• It was a long shivering spring day, with lots of snow. I prepared a small anvil in front of my house, eleven bricks, some pliers, two hammers and two tiles from a disused stove. I received the anvil as a gift. I could barely fall asleep in the night before my departure. While waiting, I tried to think of all possible ways in which a Japanese furnace could be built. I never built a functional one before because I didn't have the necessary tools nor sufficient materials. I was just 17 and I was wondering if I could ever build one. I was wondering if I could ever forge iron to the shape of my will and if the iron would listen to me.
  • Bio One
  • Bio Two
  • I was in high school and all notebooks had annotations and drawings about furnaces, fume hoods, tools and various other machines on their edges … I was lucky I was studying in a Fine Arts school. I met my mentor, Tiberiu Baciu, in the same school, just a few years before. He was our modeling teacher for a year, but it was enough to inspire me to pursue a long forgotten, and perhaps childish, dream: to forge metal. He said „ ... there is no <<impossible>> there is only <<we should try>>“. I started alone, carrying everyday a backpack full of borrowed tools. With these I drew holes in the walls of an abandoned CAP (communist factory), some 20 km away from home. I built, by hand, the machines required for my work. I clearly remember the weight of the backpack from which sprang cloth drills and cables while I was on my way to the workshop. I don't know what drove me towards forging, some kind of search … It ended a few months later, when, helped by my girlfriend Teodora and my desk mate, Beni, I heated an oven for the first time. I'm working with Beni ever since.
  • At first I was disappointed: the hammer bounced in all directions, my hands were aching and felt clearly that they were not made for forging. It was not as I imagined. It was far from ideal and there was nothing beautiful in fatigue and disappointment. Then I found a book by a master blacksmith, dr. Jim Hristoulas and things became slowly clearer. I hardened my hands and the workshop started to take shape, just like my creations. Later, I realized that at the time I started I wasn't doing anything wrong, I just needed to get used to the work; from sparks, embers and ash the unyielding iron became more plastic and expressive.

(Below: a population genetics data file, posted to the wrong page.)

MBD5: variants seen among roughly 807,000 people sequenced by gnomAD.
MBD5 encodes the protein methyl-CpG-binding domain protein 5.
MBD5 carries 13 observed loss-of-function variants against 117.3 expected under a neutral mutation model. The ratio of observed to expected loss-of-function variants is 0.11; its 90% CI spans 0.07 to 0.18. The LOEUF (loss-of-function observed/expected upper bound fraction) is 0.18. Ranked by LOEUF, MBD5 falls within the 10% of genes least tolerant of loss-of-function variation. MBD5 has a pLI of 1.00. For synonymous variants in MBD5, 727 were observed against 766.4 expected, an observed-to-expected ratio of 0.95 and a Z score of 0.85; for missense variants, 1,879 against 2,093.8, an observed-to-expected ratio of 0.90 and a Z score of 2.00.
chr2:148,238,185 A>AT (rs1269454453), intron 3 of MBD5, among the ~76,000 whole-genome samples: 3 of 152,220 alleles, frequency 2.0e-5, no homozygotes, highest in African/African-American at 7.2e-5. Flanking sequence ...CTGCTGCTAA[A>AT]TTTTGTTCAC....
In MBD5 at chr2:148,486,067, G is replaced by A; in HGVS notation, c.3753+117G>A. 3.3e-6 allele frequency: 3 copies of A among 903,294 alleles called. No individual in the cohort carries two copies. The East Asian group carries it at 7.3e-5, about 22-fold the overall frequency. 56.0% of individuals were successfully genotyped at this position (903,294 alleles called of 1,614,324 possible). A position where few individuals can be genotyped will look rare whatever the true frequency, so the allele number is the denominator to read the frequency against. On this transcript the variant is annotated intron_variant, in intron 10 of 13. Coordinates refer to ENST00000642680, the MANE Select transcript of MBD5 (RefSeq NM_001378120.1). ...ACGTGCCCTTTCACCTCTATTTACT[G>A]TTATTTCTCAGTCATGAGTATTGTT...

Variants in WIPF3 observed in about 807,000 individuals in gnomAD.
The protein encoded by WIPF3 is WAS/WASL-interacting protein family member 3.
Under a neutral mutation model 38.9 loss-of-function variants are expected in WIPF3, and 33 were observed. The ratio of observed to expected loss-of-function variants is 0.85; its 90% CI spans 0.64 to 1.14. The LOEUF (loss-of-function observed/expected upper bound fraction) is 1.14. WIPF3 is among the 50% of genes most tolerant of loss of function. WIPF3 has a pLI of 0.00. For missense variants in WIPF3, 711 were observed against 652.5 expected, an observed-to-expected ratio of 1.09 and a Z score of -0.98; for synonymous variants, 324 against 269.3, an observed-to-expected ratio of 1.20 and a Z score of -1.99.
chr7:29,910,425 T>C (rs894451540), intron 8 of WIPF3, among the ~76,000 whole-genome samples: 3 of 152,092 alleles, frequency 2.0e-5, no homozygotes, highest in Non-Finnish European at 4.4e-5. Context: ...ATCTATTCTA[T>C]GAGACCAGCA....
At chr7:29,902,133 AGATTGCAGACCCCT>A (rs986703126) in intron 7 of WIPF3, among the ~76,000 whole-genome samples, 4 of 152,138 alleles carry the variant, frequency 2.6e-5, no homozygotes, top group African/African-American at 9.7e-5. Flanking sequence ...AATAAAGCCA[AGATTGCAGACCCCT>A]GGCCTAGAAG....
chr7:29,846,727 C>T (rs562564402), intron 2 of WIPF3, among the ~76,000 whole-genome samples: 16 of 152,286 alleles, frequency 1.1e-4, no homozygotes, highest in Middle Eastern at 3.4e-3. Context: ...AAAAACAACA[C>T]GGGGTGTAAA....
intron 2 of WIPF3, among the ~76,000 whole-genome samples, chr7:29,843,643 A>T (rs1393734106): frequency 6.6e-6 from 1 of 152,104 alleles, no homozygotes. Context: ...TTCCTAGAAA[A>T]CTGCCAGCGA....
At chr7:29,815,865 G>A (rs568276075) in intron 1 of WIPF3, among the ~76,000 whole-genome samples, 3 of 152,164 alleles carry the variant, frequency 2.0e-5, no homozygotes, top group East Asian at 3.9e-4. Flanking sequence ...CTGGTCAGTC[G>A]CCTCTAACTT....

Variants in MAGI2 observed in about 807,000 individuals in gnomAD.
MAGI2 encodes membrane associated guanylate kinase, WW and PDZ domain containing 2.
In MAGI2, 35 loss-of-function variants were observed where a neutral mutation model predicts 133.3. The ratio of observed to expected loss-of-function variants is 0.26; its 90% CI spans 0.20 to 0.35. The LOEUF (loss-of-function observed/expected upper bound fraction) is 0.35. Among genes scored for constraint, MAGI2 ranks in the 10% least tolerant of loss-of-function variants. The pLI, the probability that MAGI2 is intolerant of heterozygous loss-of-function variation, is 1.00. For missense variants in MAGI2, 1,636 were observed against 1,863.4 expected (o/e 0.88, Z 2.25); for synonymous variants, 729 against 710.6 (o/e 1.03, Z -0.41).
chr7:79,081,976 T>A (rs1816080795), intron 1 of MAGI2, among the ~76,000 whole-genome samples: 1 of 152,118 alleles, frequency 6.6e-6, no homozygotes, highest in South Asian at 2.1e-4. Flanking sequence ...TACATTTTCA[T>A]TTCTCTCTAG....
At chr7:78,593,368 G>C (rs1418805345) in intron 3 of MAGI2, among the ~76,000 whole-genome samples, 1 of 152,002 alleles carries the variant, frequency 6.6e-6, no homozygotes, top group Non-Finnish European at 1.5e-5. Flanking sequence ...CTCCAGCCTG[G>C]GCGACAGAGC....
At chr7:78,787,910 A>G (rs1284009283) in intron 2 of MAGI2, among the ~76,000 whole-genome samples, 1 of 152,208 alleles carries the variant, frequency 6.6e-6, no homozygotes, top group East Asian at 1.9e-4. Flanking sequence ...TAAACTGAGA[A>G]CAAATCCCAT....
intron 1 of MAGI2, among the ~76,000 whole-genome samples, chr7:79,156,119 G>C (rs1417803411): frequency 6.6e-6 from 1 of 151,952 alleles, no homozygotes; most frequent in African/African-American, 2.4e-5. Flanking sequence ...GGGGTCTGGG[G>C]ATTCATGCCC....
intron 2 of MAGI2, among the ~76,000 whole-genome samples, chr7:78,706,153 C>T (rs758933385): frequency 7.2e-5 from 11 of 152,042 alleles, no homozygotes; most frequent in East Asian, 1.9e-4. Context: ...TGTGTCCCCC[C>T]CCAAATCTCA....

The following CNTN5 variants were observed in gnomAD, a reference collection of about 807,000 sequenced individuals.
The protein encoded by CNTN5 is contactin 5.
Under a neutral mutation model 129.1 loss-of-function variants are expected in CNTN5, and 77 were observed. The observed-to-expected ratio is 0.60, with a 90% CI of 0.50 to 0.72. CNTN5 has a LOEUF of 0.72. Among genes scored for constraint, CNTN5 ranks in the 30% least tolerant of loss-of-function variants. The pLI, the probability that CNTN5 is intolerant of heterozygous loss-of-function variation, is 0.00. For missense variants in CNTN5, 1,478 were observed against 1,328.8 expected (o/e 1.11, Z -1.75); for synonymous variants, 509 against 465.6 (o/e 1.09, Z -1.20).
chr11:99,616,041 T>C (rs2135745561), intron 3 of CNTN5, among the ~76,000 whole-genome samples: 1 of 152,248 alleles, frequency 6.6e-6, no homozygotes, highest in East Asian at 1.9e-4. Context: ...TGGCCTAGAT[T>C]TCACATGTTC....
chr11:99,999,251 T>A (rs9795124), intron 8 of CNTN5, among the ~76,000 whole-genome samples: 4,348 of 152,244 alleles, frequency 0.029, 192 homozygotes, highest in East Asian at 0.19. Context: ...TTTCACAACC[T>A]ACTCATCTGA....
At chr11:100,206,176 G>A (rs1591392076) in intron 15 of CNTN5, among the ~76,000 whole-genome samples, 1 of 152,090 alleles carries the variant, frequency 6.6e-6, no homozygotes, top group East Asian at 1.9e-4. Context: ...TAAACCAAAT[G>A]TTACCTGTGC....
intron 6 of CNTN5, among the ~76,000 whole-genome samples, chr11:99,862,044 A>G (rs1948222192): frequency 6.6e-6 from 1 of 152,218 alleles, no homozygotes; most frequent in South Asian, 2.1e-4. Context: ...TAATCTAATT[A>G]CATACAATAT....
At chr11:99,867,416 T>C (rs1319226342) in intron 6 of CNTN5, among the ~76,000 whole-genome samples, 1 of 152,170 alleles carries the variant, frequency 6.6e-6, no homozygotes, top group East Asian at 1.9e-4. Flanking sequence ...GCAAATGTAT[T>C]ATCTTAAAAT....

• „...there is no
    there is only
    we should try
  • Bio Three
  • When I was a child I helped my grandfather who was a cooper. He worked slowly with wood. While he fixed some dowels at a barrel, I looked for new things to work with. I had a lot of energy. Most of the times I improvised small airplanes out of scrap wood pieces and nails and let them sail along the Somes river. My grandfather gave me a small hammer and a drawer at his workbench. He loved me very much and no matter what I did, I could not upset him. He did much with little, he spoke wisely and made no mistakes in his work. He was very dear to me and if he had lived longer, perhaps I could have understood more of the secrets of his work.
  • I studied at the University of Arts in Cluj, the Glass-Metal specialization. I tried to combine the flow of glass with the forging techniques. I used for both fire as a transformation medium. During college, I made a hobby from repairing analog clocks and watchmaking. I did this out of passion for restoring old objects. I found a story and a wisdom in every little old thing, which today seems to elude us.
    As such, I don't believe in coincidence or failure. I put something from everything I learned in all my creations, even if this thing is not clear to the naked eye from the beginning. Everything is leaving a mark: humans, experiences, failures and satisfaction alike.
    In conclusion, I want to thank all those who contributed to my workshop and my visions.
  • Bio Four